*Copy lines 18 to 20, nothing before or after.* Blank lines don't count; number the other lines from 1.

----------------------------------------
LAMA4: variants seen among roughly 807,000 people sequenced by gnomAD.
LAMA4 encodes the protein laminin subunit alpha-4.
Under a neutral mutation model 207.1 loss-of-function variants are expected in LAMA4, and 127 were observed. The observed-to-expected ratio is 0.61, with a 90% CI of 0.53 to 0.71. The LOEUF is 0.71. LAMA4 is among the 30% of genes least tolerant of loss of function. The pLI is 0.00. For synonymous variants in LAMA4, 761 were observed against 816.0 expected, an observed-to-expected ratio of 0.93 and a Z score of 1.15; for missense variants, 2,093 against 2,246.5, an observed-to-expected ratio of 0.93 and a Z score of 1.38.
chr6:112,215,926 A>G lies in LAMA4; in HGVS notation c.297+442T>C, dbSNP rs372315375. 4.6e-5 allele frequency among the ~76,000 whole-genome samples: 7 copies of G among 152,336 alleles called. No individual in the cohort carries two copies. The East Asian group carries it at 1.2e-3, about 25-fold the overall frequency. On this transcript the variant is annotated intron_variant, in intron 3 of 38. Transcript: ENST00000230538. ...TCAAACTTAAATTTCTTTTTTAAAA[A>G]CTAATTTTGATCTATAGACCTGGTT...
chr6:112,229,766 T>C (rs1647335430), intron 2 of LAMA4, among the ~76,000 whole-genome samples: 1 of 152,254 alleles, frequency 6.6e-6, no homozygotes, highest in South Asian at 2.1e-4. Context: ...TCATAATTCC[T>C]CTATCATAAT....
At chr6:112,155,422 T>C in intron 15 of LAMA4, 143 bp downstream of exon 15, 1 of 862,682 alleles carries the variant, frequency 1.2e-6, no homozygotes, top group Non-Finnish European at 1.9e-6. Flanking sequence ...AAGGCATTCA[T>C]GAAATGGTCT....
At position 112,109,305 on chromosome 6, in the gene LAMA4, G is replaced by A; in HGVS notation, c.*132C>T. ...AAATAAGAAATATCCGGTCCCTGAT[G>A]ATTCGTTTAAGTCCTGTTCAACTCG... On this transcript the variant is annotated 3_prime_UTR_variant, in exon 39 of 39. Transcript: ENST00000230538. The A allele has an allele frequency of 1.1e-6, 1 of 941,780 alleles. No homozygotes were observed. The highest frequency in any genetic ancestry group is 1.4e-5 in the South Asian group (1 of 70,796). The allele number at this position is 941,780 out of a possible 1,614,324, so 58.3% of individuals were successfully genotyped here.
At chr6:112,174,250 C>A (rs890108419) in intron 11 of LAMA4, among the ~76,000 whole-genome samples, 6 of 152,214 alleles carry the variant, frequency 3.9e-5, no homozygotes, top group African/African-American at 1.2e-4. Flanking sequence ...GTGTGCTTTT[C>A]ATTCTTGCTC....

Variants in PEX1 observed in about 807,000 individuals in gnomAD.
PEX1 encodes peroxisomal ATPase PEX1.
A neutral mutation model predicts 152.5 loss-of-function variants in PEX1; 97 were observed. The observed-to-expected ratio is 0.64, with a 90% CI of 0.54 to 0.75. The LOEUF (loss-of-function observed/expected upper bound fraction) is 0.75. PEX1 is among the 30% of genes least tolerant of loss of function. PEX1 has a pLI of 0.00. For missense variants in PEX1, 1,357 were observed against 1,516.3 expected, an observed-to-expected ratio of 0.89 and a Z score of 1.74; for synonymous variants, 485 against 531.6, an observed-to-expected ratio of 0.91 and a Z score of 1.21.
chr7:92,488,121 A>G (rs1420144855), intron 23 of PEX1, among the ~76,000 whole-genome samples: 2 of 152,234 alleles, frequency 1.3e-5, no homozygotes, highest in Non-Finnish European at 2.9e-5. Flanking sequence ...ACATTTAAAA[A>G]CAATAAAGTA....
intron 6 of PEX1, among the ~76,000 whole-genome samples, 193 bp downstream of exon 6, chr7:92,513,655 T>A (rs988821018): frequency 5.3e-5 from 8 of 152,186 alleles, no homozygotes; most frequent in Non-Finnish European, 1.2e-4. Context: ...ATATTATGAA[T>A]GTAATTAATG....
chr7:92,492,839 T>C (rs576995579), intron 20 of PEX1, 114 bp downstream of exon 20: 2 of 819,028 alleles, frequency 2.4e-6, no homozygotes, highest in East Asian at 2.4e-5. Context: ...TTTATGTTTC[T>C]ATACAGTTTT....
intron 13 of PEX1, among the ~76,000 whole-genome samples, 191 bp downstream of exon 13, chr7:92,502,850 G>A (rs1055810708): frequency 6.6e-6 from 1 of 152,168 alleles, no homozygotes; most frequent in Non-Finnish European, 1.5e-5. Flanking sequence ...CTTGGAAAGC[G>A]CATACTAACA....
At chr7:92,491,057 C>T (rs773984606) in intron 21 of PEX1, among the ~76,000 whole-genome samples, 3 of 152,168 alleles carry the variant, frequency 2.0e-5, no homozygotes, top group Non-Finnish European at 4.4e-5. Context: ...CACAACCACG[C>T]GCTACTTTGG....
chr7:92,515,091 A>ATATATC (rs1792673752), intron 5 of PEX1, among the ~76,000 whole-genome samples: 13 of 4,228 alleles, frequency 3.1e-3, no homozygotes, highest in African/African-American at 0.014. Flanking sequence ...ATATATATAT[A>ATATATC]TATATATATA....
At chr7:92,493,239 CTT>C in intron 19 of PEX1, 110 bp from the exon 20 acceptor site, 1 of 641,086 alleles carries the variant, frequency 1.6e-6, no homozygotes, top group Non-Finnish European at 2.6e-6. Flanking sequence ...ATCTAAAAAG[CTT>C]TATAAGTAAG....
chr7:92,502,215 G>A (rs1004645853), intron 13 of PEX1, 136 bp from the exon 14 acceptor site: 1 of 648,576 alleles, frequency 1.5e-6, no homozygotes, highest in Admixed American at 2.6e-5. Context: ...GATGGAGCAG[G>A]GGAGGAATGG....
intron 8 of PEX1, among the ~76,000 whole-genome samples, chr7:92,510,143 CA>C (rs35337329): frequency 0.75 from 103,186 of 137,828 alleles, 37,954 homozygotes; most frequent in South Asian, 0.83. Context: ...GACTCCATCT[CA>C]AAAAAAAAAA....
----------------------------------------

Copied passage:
At chr7:92,493,239 CTT>C in intron 19 of PEX1, 110 bp from the exon 20 acceptor site, 1 of 641,086 alleles carries the variant, frequency 1.6e-6, no homozygotes, top group Non-Finnish European at 2.6e-6. Flanking sequence ...ATCTAAAAAG[CTT>C]TATAAGTAAG....
chr7:92,502,215 G>A (rs1004645853), intron 13 of PEX1, 136 bp from the exon 14 acceptor site: 1 of 648,576 alleles, frequency 1.5e-6, no homozygotes, highest in Admixed American at 2.6e-5. Context: ...GATGGAGCAG[G>A]GGAGGAATGG....
intron 8 of PEX1, among the ~76,000 whole-genome samples, chr7:92,510,143 CA>C (rs35337329): frequency 0.75 from 103,186 of 137,828 alleles, 37,954 homozygotes; most frequent in South Asian, 0.83. Context: ...GACTCCATCT[CA>C]AAAAAAAAAA....